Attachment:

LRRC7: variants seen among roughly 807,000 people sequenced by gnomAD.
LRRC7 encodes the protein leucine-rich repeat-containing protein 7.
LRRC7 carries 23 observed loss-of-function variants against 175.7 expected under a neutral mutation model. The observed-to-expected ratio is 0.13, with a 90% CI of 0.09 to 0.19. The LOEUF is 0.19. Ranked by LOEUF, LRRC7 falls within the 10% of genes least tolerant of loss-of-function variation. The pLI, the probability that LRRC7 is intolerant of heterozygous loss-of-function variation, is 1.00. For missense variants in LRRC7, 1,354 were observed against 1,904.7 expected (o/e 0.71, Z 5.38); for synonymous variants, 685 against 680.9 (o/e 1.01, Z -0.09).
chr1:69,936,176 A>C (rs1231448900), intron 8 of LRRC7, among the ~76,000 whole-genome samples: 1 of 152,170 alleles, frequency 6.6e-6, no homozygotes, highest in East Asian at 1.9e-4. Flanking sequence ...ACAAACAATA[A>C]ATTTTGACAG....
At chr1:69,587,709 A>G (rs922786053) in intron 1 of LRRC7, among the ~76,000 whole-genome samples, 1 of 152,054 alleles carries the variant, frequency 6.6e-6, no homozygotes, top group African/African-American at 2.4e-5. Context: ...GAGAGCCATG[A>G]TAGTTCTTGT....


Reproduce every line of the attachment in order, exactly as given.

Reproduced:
LRRC7: variants seen among roughly 807,000 people sequenced by gnomAD.
LRRC7 encodes the protein leucine-rich repeat-containing protein 7.
LRRC7 carries 23 observed loss-of-function variants against 175.7 expected under a neutral mutation model. The observed-to-expected ratio is 0.13, with a 90% CI of 0.09 to 0.19. The LOEUF is 0.19. Ranked by LOEUF, LRRC7 falls within the 10% of genes least tolerant of loss-of-function variation. The pLI, the probability that LRRC7 is intolerant of heterozygous loss-of-function variation, is 1.00. For missense variants in LRRC7, 1,354 were observed against 1,904.7 expected (o/e 0.71, Z 5.38); for synonymous variants, 685 against 680.9 (o/e 1.01, Z -0.09).
chr1:69,936,176 A>C (rs1231448900), intron 8 of LRRC7, among the ~76,000 whole-genome samples: 1 of 152,170 alleles, frequency 6.6e-6, no homozygotes, highest in East Asian at 1.9e-4. Flanking sequence ...ACAAACAATA[A>C]ATTTTGACAG....
At chr1:69,587,709 A>G (rs922786053) in intron 1 of LRRC7, among the ~76,000 whole-genome samples, 1 of 152,054 alleles carries the variant, frequency 6.6e-6, no homozygotes, top group African/African-American at 2.4e-5. Context: ...GAGAGCCATG[A>G]TAGTTCTTGT....